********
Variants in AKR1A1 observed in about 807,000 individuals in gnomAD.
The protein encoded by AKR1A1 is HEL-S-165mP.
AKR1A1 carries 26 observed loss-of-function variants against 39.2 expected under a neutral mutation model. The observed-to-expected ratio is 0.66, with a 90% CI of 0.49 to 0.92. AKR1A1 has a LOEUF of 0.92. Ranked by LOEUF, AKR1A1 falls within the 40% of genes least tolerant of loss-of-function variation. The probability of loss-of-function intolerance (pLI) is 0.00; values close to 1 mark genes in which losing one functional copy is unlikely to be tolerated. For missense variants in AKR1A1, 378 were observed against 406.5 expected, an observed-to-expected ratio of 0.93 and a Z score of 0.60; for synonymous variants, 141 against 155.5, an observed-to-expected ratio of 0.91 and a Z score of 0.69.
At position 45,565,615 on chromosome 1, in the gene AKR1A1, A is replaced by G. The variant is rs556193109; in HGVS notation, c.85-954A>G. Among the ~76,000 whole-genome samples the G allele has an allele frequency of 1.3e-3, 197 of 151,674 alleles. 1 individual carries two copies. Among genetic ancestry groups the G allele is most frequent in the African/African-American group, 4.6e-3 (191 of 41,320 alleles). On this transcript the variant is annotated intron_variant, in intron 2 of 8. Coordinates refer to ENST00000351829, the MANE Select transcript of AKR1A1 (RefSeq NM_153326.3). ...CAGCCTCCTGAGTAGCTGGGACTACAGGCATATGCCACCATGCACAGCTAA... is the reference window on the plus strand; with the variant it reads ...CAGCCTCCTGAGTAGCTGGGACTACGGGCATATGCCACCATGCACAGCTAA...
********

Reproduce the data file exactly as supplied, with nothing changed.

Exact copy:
Variants in AKR1A1 observed in about 807,000 individuals in gnomAD.
The protein encoded by AKR1A1 is HEL-S-165mP.
AKR1A1 carries 26 observed loss-of-function variants against 39.2 expected under a neutral mutation model. The observed-to-expected ratio is 0.66, with a 90% CI of 0.49 to 0.92. AKR1A1 has a LOEUF of 0.92. Ranked by LOEUF, AKR1A1 falls within the 40% of genes least tolerant of loss-of-function variation. The probability of loss-of-function intolerance (pLI) is 0.00; values close to 1 mark genes in which losing one functional copy is unlikely to be tolerated. For missense variants in AKR1A1, 378 were observed against 406.5 expected, an observed-to-expected ratio of 0.93 and a Z score of 0.60; for synonymous variants, 141 against 155.5, an observed-to-expected ratio of 0.91 and a Z score of 0.69.
At position 45,565,615 on chromosome 1, in the gene AKR1A1, A is replaced by G. The variant is rs556193109; in HGVS notation, c.85-954A>G. Among the ~76,000 whole-genome samples the G allele has an allele frequency of 1.3e-3, 197 of 151,674 alleles. 1 individual carries two copies. Among genetic ancestry groups the G allele is most frequent in the African/African-American group, 4.6e-3 (191 of 41,320 alleles). On this transcript the variant is annotated intron_variant, in intron 2 of 8. Coordinates refer to ENST00000351829, the MANE Select transcript of AKR1A1 (RefSeq NM_153326.3). ...CAGCCTCCTGAGTAGCTGGGACTACAGGCATATGCCACCATGCACAGCTAA... is the reference window on the plus strand; with the variant it reads ...CAGCCTCCTGAGTAGCTGGGACTACGGGCATATGCCACCATGCACAGCTAA...